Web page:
Friday, February 16, 2018 News Recap: HCV & Heart Disease: Evolving Recognition of Chronic Hepatitis C Infection as a Modifiable Risk Factor for CVD. This article examines the evidence for clinical and subclinical cardiovascular diseases in chronic hepatitis c infection, as well as the effect of treatment on cardiovascular outcomes. News from Around the World: NZ: Thousands of Hepatitis C sufferers unaware a cure is within reach. A Hepatitis...
A Hepatitis C survivor says she has been forced to do the government's work to ensure others with the potentially life-threatening virus get access to "miracle" drugs. Dunedin's Hazel Heal credits the drugs with saving her life and completely restoring her liver, but is angry the government is not informing people about the virus and treatment options. At least 50,000 Kiwis are estimated to have chronic Hepatitis C, but only half of them realise they h
Friday, January 26, 2018 News Recap: Research and Discoveries: Growing Evidence Shows Hepatitis C Intersects With Other Diseases. As many as three-quarters of individuals with hepatitis C virus (HCV) experience disorders related to the virus beyond the impact on their livers, the National Viral Hepatitis Roundtable estimates. HCV-related kidney disease, depression, skin disorders, lymphoma and other conditions can seriously impact a patient, even wi...
About 12,000 people in Wales are living with hepatitis C, half of whom have it unknowingly, a charity has said. The Hepatitis C Trust said many people did not know sharing razors increased their risk of contracting it. Wales aims to eliminate the virus as a major public health threat by 2030. Dr Christopher Williams from Public Health Wales said: "Those at risk should consider seeking advice and testing, so they can benefit from treatment if needed.
Liver disease is on the rise among middle-aged Americans, but many don’t know they have it—or that they could develop it. The liver performs critical jobs, including cleaning toxins from the blood, storing energy and nutrients, digesting fats and processing medications, alcohol and food. But a host of ills and abuses can wreak havoc on the liver, from heavy drinking and infection with hepatitis B or C to a scourge known as fatty-liver disease linked to di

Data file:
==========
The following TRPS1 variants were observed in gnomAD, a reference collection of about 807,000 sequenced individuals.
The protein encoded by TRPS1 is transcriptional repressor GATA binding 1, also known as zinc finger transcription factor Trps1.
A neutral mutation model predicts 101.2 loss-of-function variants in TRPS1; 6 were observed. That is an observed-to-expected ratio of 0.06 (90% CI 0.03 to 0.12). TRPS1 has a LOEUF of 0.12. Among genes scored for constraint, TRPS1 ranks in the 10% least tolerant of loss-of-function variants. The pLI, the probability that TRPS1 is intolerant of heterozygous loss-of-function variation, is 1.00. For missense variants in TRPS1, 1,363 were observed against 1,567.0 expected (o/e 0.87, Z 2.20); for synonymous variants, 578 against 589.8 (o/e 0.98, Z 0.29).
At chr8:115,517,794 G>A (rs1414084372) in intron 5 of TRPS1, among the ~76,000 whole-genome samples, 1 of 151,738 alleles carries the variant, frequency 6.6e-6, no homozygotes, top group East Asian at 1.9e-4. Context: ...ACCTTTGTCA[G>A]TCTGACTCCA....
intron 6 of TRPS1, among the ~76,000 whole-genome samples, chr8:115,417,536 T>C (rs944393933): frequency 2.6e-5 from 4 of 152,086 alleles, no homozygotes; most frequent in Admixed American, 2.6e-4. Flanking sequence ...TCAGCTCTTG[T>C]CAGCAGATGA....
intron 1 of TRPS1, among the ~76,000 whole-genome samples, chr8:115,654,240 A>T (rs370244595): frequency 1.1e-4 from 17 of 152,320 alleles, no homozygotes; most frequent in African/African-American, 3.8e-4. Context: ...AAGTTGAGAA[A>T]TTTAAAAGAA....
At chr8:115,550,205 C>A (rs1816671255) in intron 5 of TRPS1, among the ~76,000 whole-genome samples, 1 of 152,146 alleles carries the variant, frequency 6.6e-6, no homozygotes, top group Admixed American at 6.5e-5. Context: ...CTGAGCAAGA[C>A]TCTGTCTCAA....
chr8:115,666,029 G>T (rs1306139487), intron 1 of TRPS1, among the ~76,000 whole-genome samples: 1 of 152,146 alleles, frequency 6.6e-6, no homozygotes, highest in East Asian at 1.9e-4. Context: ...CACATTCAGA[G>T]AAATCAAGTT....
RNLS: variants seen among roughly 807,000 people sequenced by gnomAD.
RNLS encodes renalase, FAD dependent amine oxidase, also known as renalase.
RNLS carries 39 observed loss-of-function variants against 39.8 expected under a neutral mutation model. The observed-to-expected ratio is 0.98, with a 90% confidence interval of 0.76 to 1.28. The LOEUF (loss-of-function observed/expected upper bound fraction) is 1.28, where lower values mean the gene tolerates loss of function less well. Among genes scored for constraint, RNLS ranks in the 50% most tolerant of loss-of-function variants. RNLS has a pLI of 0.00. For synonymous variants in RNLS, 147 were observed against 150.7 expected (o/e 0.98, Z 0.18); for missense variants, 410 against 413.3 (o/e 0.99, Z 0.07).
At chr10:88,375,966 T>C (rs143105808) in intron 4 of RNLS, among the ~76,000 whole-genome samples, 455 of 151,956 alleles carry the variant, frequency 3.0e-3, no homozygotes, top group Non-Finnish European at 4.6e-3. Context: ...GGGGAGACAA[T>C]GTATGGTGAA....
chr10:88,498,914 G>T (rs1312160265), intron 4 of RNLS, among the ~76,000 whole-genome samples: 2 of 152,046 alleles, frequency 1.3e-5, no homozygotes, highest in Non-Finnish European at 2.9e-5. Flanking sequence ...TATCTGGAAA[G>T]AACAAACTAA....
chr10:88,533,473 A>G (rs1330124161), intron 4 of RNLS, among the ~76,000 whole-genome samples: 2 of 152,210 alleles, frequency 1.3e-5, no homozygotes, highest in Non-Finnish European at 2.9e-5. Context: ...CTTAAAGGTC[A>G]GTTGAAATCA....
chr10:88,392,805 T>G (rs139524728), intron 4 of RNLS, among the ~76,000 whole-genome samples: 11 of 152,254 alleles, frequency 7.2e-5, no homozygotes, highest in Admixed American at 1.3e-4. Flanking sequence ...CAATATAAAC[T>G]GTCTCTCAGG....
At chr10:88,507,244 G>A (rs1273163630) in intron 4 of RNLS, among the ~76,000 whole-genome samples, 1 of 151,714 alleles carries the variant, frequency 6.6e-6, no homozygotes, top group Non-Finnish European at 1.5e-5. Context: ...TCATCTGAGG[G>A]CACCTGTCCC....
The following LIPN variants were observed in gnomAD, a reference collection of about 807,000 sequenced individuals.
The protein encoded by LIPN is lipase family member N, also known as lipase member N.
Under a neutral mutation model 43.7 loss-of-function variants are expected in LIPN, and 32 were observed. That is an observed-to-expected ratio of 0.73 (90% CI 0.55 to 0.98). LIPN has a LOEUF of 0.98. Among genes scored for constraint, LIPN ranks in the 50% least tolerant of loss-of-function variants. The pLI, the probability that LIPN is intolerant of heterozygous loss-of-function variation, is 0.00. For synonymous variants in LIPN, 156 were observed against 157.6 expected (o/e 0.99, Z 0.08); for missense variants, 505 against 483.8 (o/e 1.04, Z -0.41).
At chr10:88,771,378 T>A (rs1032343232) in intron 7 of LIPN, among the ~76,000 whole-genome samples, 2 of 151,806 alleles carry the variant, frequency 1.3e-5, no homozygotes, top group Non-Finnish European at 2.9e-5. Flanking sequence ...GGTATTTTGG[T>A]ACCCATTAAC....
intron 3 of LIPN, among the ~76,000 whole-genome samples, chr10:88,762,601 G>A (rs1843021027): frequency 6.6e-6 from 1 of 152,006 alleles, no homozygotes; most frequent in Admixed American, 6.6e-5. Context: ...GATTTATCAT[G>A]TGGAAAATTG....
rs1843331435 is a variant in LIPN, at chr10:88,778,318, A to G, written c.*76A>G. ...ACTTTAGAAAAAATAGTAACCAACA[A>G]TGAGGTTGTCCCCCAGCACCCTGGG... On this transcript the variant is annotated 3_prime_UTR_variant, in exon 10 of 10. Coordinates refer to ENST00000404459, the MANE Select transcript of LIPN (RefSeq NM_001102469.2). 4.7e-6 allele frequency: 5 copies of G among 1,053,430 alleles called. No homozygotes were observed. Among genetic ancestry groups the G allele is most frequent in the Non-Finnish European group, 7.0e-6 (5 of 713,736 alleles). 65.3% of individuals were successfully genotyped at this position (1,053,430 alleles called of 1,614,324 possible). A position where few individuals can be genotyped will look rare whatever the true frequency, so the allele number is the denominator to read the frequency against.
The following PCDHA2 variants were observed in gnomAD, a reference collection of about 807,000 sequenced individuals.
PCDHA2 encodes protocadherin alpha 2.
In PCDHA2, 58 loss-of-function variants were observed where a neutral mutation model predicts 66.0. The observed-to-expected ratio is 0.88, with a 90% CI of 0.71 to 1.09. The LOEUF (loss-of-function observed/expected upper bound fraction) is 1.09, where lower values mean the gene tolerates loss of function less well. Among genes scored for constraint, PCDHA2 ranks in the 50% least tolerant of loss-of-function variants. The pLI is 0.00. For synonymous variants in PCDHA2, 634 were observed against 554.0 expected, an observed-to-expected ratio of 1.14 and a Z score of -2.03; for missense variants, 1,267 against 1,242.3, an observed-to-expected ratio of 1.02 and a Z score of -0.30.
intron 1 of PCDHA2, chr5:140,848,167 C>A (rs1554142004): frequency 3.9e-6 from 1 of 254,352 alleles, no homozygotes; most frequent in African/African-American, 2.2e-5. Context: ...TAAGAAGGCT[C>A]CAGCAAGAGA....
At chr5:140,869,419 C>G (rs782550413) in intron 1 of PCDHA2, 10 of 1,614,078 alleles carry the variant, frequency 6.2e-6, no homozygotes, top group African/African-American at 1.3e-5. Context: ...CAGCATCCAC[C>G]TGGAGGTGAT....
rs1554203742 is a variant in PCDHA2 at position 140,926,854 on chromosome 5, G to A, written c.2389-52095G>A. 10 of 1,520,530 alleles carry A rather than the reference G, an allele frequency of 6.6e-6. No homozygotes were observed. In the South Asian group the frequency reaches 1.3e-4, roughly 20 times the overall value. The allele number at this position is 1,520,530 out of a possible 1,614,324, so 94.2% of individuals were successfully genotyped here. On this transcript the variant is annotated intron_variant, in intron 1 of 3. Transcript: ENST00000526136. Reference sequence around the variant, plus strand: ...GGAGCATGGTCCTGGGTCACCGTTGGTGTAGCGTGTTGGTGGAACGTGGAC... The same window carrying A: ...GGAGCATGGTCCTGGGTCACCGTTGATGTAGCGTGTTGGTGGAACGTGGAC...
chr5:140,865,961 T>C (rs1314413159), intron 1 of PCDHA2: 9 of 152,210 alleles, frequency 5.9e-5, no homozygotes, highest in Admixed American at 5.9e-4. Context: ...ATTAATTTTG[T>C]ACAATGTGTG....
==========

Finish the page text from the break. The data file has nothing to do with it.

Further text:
Friday, September 8, 2017 News Recap: She thought her mystery ailment was cancer, but bloodwork revealed a surprise This is an amazing story ...but it could happen to anyone, and we know this because we hear these kinds of stories often. This is why it is so important that Boomers be tested for hepatitis C. Gail Wells got really sick and nobody could figure out why. They looked for cancer, for multiple sclerosis, for vitamin deficiencies, and then s...
This is an amazing story ...but it could happen to anyone, and we know this because we hear these kinds of stories often. This is why it is so important that Boomers be tested for hepatitis C. Gail Wells got really sick and nobody could figure out why. They looked for cancer, for multiple sclerosis, for vitamin deficiencies, and then she was diagnosed with idiopathic degenerative neuropathy – nerve deterioration for no apparent reason, and told to keep a
Researchers estimated that more than 800,000 people in the United States with chronic hepatitis C virus infection may have advanced fibrosis or cirrhosis and need care. However, laboratory testing data indicated that only half of these patients were evaluated for antiviral treatment. “Persons with advanced fibrosis and cirrhosis are at highest risk of HCV-related complications and urgently require care,” R. Monina Klevens, DDS, MPH, of CDC’s Division of V
Rates of hospitalization due to chronic hepatitis C virus (HCV) are increasing in Canada and the United States. A large proportion of immigrants originate from countries with intermediate to high HCV prevalence but are not screened for HCV post-arrival and may therefore have increased risks of liver-related complications and hospitalization. Higher burden of all-cause hospitalization in nonimmigrants likely reflects more prevalent behavioral comorbidit
An Acton woman is making good on a promise to spread the word after receiving treatment that cured her of hepatitis C two years ago. Sharon Rider got the disease from a tainted blood transfusion during spine surgery as a 16-year-old and had been carrying the virus, with no symptoms, for 23 years before it was diagnosed. Meanwhile, she’d gotten married and had two kids, never knowing she was putting her family at risk of getting the disease. It was routi